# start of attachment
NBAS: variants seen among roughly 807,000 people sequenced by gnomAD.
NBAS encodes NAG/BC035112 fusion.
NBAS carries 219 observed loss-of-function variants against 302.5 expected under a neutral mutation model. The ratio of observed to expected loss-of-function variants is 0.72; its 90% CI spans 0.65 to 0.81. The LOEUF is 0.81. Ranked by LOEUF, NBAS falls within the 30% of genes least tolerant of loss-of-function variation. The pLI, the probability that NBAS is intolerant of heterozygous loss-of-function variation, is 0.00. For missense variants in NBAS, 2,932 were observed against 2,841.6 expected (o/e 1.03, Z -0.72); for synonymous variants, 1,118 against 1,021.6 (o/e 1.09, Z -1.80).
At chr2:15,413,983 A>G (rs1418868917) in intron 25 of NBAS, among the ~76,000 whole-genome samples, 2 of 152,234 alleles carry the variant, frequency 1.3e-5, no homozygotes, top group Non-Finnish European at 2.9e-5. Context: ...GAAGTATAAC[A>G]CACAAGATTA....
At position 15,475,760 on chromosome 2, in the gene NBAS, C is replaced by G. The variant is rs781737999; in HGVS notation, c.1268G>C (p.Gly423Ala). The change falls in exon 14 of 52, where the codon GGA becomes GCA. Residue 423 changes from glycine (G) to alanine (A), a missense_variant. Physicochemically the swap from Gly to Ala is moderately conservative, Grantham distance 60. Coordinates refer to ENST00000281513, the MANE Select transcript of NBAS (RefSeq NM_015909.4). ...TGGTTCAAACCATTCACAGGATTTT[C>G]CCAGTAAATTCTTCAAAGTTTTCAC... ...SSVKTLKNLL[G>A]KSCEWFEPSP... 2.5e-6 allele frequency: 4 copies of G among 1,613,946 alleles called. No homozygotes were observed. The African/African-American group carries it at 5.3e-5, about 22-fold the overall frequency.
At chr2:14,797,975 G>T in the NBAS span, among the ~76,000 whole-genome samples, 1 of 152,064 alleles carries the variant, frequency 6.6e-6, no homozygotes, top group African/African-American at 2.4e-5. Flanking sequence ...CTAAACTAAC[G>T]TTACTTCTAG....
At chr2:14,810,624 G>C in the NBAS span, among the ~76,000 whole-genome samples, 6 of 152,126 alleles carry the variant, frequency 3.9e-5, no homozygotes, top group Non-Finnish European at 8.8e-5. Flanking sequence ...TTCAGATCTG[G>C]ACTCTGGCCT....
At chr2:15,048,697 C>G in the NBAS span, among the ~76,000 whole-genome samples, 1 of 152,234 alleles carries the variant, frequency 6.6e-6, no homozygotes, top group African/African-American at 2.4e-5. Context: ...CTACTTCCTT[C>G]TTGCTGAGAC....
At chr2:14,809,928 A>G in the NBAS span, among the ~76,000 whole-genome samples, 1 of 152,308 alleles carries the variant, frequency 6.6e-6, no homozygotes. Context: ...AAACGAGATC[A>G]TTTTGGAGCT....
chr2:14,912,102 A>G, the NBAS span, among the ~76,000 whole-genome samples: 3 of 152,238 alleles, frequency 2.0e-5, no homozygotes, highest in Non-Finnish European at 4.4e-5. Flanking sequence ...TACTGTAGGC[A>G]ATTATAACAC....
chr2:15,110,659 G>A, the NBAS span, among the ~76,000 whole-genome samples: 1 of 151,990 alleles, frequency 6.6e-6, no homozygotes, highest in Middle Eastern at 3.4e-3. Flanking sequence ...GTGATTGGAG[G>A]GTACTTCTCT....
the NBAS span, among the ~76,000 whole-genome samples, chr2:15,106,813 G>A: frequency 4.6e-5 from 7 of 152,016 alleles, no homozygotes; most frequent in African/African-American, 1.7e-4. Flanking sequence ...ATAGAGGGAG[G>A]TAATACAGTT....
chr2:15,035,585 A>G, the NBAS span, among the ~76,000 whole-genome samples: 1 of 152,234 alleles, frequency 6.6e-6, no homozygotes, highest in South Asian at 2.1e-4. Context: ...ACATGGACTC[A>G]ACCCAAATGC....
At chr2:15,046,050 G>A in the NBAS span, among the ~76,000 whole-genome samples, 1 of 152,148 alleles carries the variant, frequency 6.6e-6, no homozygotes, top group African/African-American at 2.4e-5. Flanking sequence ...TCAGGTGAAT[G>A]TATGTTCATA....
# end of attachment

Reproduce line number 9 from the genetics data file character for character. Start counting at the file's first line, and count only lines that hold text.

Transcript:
At chr2:14,809,928 A>G in the NBAS span, among the ~76,000 whole-genome samples, 1 of 152,308 alleles carries the variant, frequency 6.6e-6, no homozygotes. Context: ...AAACGAGATC[A>G]TTTTGGAGCT....